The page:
God is worthy of my worship and praise. He is worthy of my entire life being lived as a sacrifice of praise to Him.
There is no one like God.
There is no god like Jehovah.
The older I get the more I learn about honoring God. The older I get the more sincere I want to be in worshipping God. The older I get the more heart-felt I want to be in worshipping God. The Psalms are a great handbook of sorts on worship.
“Be still and know that I am God; I will be exalted among the nations, I will be exalted in the earth” (Psalm 46:10). I value time when I can be still before God. As a preacher I spend much of my time speaking: teaching, preaching, instructing, counseling, and coaching. I find great strength in times when I can be silent before God, listening to Him rather than talking. Those still times are times of worship — when I acknowledge to God that He is worthy of my attention and that I respect Him enough to listen for His prompting.
What’s beautiful about worship is how multi-faceted it can be. While in Psalm 46 I read of being still before God, in Psalm 47 I read something very different. In back-to-back Psalms I learn a lot about the variety of ways God can be worshipped.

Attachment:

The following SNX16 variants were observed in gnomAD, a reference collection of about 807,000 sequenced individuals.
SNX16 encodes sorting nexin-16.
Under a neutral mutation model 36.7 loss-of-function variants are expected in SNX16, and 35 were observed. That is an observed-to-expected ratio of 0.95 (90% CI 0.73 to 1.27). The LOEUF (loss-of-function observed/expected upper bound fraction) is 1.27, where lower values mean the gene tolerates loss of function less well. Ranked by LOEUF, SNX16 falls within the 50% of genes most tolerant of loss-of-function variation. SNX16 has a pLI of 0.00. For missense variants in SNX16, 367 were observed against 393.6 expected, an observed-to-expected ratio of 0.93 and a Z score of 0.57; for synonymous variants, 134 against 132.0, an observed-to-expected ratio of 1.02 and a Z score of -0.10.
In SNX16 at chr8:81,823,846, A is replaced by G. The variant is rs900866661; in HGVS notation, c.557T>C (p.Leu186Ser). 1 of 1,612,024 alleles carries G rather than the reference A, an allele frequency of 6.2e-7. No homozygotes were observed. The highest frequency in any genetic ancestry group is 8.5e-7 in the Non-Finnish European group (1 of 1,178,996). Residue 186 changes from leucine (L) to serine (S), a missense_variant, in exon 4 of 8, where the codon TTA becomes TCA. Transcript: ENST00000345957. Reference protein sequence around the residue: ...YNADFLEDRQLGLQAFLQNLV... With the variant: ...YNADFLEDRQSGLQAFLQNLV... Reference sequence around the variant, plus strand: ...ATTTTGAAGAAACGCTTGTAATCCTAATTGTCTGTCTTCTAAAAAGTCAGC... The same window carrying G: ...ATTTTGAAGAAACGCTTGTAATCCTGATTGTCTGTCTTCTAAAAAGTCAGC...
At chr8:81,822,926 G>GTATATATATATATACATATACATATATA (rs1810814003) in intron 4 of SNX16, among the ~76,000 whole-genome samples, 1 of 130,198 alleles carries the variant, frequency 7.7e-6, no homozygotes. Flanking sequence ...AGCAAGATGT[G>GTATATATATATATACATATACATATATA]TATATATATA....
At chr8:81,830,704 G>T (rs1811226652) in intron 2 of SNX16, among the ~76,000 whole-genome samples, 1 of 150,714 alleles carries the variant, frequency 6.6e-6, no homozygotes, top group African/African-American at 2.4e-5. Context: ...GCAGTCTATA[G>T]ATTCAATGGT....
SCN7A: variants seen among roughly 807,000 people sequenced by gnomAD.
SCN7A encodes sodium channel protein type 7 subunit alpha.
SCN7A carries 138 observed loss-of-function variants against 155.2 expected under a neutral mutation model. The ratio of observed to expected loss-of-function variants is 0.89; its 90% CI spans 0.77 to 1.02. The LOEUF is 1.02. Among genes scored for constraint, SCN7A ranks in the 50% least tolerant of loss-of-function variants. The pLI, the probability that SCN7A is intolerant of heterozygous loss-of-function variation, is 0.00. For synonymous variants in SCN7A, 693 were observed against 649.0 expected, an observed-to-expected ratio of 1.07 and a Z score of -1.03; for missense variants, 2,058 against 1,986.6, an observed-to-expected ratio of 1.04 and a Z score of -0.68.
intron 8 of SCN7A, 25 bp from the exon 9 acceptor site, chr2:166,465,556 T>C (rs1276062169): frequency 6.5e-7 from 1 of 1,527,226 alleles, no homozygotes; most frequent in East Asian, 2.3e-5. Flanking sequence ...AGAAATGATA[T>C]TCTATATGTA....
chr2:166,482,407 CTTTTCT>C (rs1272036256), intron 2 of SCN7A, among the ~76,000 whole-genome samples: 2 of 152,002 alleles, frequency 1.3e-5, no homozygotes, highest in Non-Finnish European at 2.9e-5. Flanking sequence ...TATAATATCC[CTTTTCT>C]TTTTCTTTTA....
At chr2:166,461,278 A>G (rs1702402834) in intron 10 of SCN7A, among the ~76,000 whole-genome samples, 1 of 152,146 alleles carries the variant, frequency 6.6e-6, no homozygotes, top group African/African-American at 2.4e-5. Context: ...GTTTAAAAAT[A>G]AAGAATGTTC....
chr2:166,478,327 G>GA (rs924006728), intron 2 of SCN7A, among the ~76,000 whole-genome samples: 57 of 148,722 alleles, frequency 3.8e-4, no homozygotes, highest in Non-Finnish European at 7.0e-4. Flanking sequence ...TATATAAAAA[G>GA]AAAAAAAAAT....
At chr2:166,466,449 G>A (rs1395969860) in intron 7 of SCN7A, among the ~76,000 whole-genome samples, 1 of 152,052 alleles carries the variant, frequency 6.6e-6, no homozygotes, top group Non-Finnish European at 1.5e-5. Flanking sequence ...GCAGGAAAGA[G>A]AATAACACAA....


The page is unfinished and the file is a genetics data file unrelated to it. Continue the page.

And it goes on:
“Clap your hands, all you nations; shout to God with cries of joy. How awesome is the Lord Most High, the great King over all the earth!” (Psalm 47:1-2). God can be worshipped in times of still quietness as well as in times of clapping and cries of joy.
I confess, it is much more natural for me to worship God in times of quiet. In fact, at one time I was taught that clapping and cries of joy were out of place in worship. Clearly that teaching contradicts scripture. But even though my head knows that, it takes time in the word of God to unlearn something that has been drilled into you to the point where your heart feels what your head knows.
A friend recently shared with me some of his thoughts as he wrestles with the same thing. He told me that he is not very demonstrative in his worship. But he has been reflecting on what it means that he is more demonstrative, expressive, and enthusiastic about the Dallas Cowboys than he is about God saving him.
Some questions to consider:
When is the last time you have been still before God?
When is the last time you openly expressed excitement about God with clapping or cries of joy?
Which is more natural for you (and which is more difficult), being still before God or clapping and crying for joy?
Regardless of what comes more naturally, how could your worship be enriched if you learned to worship God in a way that is more difficult to you?